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Carol’s story: living with familial Alzheimer’s disease

Watch Stuart discuss the impacts of living with familial Alzheimer's disease
5.5
We all go upstairs on occasions and forgot why we’ve gone up, you know, and we laugh at ourselves. It’s very difficult to laugh when you know there’s a possibility you’re carrying the gene that might explain it. So it does tend to make you over examine, or perhaps extensively reflect about is this the beginning? So, there’s always that sort of unwritten question, are these the first signs? So that things that would have, things that concern me about Carol. For most families would have been oh, she’s going through the menopause, midlife crisis, or she’s at a certain age. Which is what many women with Alzheimer’s get told initially.
48.6
You don’t have that luxury, you know, the moment you know it’s there, it kicks in. The progression of the disease is slightly different for every person. No one person progresses the same, even though they carry the same genetic mutation. So the difficulty is that we see Carol’s aunts and uncles went through with it, and each was slightly different. And you wonder what path you will go, what will actually stop functioning first. The third issue is about generational. Carol is now the second generation. My children will be the third where we’ve been aware of the genetic. Now Carol’s dad and aunt’s and uncles were a generation before Aricept and Exelon, all those sorts of drugs.
95.3
Not that they do a great deal, but they enhance what remains. But the care was, the care was, I’m trying to be generous but the care was 40 years ago, and it reflected what people thought 40 years ago. So the next generation, Carol and her cousins are developing it now. The problem for us is that we’re trying to create a way forward about care about medical provision, and for many of us the image is what happened with the generation before, And actually we’ve moved on. So, we actually live with the vision of what we’ve already lived through, but not quite sure what’s available now. So, we’re constantly balancing the reality of the present with the fears of the past.
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So, for those of us who are carers in the family, it’s actually more psychological. Or as much psychological as it’s actually physically different for people who just normally develop Alzheimer’s. We actually see the disease in the context of a much longer time and different context of caring and provision. Carol never had the genetic test. There was a stage where she could have had the test, but there was no purpose really. No significance in the sense that there’s no cure, there’s no delaying tactic. She was coming down here blindly, as a blind test sample, so I mean, they have here 20 odd years of MRI scans for Carol.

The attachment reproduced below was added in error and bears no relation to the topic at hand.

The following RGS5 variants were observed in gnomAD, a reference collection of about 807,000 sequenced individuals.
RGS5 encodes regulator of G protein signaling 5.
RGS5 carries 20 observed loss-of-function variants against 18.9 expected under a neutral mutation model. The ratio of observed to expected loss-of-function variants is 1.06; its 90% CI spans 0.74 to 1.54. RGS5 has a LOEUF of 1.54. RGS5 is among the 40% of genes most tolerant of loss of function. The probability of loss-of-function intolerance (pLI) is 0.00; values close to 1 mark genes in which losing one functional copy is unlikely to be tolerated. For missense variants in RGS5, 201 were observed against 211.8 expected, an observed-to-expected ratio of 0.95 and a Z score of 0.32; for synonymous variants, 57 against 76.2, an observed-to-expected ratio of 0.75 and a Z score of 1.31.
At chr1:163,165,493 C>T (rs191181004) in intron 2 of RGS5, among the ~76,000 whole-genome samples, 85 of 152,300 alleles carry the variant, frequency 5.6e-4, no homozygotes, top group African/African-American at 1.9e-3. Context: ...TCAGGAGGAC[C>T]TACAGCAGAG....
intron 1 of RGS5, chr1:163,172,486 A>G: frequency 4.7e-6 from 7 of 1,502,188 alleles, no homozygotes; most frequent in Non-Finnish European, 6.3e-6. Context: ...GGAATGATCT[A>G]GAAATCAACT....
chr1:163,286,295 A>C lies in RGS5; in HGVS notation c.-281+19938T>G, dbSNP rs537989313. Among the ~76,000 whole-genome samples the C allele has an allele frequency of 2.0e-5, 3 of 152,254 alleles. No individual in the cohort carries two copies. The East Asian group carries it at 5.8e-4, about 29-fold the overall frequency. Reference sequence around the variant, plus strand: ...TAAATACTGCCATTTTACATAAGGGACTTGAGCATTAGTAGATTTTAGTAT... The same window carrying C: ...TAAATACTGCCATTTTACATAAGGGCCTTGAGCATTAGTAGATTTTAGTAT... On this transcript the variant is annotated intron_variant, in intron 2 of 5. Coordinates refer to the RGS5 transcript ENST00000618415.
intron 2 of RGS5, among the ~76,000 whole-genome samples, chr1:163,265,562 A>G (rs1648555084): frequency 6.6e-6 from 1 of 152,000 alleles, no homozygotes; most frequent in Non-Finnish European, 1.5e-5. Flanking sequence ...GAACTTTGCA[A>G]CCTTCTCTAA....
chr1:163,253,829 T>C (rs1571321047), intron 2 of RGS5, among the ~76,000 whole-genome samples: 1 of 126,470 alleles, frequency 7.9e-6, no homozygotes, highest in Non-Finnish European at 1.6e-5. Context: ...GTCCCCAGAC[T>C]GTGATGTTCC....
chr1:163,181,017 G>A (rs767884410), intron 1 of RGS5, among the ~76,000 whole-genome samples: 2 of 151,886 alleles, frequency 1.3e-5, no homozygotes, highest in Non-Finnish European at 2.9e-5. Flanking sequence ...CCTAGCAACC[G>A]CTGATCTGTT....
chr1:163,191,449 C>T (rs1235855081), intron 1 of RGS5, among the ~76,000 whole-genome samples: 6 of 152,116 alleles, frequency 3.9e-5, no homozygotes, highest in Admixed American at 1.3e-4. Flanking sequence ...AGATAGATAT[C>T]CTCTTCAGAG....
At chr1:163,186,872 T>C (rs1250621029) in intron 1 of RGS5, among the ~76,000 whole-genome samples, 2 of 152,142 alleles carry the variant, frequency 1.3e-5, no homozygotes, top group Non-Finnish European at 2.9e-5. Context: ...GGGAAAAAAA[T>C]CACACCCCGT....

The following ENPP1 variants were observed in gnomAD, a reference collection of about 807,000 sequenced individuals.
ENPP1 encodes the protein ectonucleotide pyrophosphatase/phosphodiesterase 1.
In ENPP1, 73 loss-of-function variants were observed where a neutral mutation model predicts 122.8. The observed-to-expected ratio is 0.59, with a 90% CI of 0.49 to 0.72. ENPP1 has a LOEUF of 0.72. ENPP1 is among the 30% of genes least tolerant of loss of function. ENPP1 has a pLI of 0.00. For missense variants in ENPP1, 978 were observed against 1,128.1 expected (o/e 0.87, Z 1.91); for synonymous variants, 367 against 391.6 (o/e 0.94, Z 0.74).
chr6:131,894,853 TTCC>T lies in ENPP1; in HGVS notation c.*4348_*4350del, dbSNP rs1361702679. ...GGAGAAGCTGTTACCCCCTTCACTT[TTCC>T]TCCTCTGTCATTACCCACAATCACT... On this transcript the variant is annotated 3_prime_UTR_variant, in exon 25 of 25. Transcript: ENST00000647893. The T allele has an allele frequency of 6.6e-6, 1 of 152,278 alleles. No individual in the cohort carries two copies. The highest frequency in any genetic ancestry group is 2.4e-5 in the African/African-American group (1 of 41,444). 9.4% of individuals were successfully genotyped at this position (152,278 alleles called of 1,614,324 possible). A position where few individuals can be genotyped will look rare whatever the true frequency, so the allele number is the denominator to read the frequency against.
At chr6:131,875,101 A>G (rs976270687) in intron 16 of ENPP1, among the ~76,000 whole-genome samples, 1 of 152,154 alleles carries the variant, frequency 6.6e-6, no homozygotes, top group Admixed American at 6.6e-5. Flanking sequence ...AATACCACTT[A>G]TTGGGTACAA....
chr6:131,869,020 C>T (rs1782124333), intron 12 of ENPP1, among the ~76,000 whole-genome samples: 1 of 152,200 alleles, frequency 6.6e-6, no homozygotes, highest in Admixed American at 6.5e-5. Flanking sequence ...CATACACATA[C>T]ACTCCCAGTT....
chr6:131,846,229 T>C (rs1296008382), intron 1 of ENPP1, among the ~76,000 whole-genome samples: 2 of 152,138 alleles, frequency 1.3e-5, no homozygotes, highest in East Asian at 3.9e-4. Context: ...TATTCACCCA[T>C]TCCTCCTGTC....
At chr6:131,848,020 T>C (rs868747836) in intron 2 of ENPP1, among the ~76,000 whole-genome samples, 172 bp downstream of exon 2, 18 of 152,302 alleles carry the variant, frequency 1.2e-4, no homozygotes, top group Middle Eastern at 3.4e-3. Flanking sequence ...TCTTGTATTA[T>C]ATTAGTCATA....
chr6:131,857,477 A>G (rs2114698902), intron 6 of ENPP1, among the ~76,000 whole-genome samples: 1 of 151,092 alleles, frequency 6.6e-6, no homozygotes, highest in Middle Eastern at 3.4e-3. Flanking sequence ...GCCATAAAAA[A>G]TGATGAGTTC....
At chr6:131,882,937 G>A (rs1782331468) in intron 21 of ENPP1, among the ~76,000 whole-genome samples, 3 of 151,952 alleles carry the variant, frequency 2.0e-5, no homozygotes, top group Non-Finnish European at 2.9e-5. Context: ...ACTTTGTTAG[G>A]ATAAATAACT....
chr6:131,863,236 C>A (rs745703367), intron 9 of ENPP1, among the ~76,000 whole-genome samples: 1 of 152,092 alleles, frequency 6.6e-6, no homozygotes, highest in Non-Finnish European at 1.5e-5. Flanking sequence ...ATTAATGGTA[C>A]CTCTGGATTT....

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So I think she’s probably got one of the most MRI scanned brain anywhere in the UK. So, she was involved even then, even before the DIAN scheme kicked in. She was involved right at the start looking at this. The problem with the genetic testing, no cure, no control, no holding back. But the moment she knows she’s got the gene it has impact on mortgage, it has impact on insurances. Once you know you’re carrying it, you have to declare it. If you don’t know, you can’t declare it. And we were concerned because it would have impact on the children. Because then if they knew mum was carrying the gene, then it might shape their future.
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I mean, they do know now, we are aware. But they, at this stage, haven’t had the test either for the same reason.

Watch Stuart discuss the impacts of living with familial Alzheimer’s disease. He covers the effects of a diagnosis on carers, families and more practical issues, such as mortgages and insurance.

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